The Australia batsman, David Warner revealed on Saturday, that it was swashbuckling India opener, Virender Sehwag, his skipper at Delhi Daredevils in the Indian Premier League, who told him that he could be a good player in the longer format of the game rather than a Twenty20 player.
"Sehwag told me two years ago he saw me as a better four-day player than Twenty20 player,'' said Warner while talking to a leading Australian sports journal.
''He said, 'If you play with your freedom, and your shot selection is correct and your decision-making's good, you're always going to score runs in that form of the game if conditions favour you,” he added further.
The 24-year-old New South Wales cricketer was considered to be a good limited-overs player. After debuting in the limited overs format of international cricket in January 2009, Warner had played only four first-class matches for his state with a highest score of only 48 runs.
He scored his maiden first-class century against Western Australia earlier this year, soon after missing out on a ton against Victoria, where he was sacked at 99.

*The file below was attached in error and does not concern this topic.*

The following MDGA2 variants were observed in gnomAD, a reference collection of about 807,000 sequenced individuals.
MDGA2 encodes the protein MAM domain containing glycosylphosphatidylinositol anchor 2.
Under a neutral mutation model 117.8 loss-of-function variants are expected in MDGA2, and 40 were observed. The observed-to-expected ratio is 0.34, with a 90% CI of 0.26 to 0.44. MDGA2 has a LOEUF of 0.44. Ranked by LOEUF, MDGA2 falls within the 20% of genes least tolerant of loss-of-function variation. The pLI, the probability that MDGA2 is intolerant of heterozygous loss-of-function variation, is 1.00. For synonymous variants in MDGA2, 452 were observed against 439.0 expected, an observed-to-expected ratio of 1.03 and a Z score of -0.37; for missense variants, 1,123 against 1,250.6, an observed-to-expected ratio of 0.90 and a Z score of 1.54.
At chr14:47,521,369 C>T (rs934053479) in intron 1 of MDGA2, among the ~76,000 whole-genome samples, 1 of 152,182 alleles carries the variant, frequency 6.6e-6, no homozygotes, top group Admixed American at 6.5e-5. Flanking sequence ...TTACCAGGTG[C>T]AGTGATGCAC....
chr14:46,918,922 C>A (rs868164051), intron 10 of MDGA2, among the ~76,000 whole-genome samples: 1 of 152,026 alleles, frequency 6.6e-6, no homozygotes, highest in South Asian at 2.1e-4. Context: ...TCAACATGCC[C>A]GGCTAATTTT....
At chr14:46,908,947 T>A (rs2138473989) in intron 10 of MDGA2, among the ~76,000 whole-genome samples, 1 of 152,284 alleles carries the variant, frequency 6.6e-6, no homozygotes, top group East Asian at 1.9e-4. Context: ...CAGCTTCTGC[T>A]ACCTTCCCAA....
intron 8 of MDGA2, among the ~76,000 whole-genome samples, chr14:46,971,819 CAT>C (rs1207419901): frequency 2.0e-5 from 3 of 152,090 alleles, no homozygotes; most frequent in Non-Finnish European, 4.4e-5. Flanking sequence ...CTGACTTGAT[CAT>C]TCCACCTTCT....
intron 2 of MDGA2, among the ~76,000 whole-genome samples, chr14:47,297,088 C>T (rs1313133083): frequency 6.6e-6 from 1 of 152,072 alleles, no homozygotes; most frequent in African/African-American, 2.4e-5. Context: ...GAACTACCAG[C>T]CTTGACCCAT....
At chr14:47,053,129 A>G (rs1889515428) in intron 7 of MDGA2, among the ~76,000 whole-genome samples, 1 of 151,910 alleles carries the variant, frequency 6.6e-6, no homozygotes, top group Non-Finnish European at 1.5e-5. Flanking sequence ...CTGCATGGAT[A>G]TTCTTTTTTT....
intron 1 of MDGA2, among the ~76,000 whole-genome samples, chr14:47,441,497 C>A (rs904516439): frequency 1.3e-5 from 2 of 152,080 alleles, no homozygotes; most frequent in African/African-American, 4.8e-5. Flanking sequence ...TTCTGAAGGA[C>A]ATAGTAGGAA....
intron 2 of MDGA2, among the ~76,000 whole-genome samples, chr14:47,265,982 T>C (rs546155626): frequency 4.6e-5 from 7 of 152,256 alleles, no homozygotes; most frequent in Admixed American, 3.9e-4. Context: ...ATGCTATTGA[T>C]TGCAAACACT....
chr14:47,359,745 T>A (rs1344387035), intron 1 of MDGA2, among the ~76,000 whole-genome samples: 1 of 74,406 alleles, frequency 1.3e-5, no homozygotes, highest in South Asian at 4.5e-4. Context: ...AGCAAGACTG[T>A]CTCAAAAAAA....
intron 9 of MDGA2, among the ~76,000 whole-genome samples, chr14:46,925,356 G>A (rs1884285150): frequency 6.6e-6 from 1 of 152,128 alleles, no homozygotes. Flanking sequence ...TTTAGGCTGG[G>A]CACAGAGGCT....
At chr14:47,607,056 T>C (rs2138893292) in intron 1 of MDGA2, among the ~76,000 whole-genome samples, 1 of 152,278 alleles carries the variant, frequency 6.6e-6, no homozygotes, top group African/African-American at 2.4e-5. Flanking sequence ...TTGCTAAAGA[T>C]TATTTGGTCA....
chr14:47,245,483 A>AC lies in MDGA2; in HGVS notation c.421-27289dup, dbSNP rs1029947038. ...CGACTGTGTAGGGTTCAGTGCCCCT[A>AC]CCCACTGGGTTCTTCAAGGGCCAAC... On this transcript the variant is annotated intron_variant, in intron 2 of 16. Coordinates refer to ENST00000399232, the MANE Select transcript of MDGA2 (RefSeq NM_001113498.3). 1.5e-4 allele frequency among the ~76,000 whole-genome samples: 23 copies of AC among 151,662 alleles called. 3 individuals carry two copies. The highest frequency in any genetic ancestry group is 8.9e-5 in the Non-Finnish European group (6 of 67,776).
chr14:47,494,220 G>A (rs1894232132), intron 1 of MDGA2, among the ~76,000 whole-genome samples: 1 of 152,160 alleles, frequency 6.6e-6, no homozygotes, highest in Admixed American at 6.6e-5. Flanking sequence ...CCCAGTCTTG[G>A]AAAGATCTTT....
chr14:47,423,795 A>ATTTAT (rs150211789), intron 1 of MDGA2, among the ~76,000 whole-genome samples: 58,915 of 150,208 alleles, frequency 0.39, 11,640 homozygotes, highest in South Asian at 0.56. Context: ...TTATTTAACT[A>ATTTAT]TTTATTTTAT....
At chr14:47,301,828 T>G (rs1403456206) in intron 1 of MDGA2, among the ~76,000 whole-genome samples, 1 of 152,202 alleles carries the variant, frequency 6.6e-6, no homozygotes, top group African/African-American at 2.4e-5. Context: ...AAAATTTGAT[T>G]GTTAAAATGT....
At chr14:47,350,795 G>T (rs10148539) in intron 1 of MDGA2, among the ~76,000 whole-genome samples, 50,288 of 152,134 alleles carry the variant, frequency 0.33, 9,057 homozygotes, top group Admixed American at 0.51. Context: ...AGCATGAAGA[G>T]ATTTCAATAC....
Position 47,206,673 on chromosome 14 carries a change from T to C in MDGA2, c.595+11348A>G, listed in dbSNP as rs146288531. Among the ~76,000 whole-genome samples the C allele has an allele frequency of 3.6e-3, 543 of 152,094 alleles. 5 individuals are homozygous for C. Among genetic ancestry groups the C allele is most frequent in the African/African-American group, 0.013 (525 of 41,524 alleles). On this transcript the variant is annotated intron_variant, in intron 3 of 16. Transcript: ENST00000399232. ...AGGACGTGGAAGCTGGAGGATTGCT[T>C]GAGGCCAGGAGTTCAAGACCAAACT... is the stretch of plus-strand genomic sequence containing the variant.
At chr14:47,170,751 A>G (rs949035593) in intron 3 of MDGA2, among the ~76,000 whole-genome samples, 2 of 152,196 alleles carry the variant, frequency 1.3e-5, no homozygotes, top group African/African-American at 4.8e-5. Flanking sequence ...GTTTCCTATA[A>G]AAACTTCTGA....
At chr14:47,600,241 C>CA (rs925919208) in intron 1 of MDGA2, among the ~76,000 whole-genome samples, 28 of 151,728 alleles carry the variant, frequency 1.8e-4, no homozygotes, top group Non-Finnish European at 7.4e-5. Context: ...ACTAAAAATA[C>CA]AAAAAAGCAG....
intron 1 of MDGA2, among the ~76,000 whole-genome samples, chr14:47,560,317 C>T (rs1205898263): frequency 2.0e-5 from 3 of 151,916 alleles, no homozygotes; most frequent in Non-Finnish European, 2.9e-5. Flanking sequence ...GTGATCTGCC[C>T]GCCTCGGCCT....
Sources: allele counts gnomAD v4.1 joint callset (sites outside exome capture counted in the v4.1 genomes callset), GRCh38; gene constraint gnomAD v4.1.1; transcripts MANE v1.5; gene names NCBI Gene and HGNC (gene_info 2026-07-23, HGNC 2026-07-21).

The right-handed opening batsman’s effort got Cricket Australia selectors nod as he got a call up to the Australia A squad for a four-day series.
Warner has played seven One Day Internationals and 25 Twenty20 Internationals for Australia and is yet to debut in the Test format. He said that he was happy to be acknowledged for the last couple of games he played for New South Wales in the 2010-11 Sheffield Shield tournament.
''It's recognition for myself that they're actually looking at me as a Test player,” said the right hander. “I can last the distance, and mentally I can be patient enough to tackle that format of the game. It's good I scored runs and showed some people,” he added further.
National selector, Greg Chappell, has also expressed confidence in Warner as a Test player and hoped he can improve his game in the longest format of cricket.
Warner’s New South Wales skipper, Stuart Clarke, also believes the batsman has the potential to remove the tag of a short-format specialist by proving himself in the first-class cricket.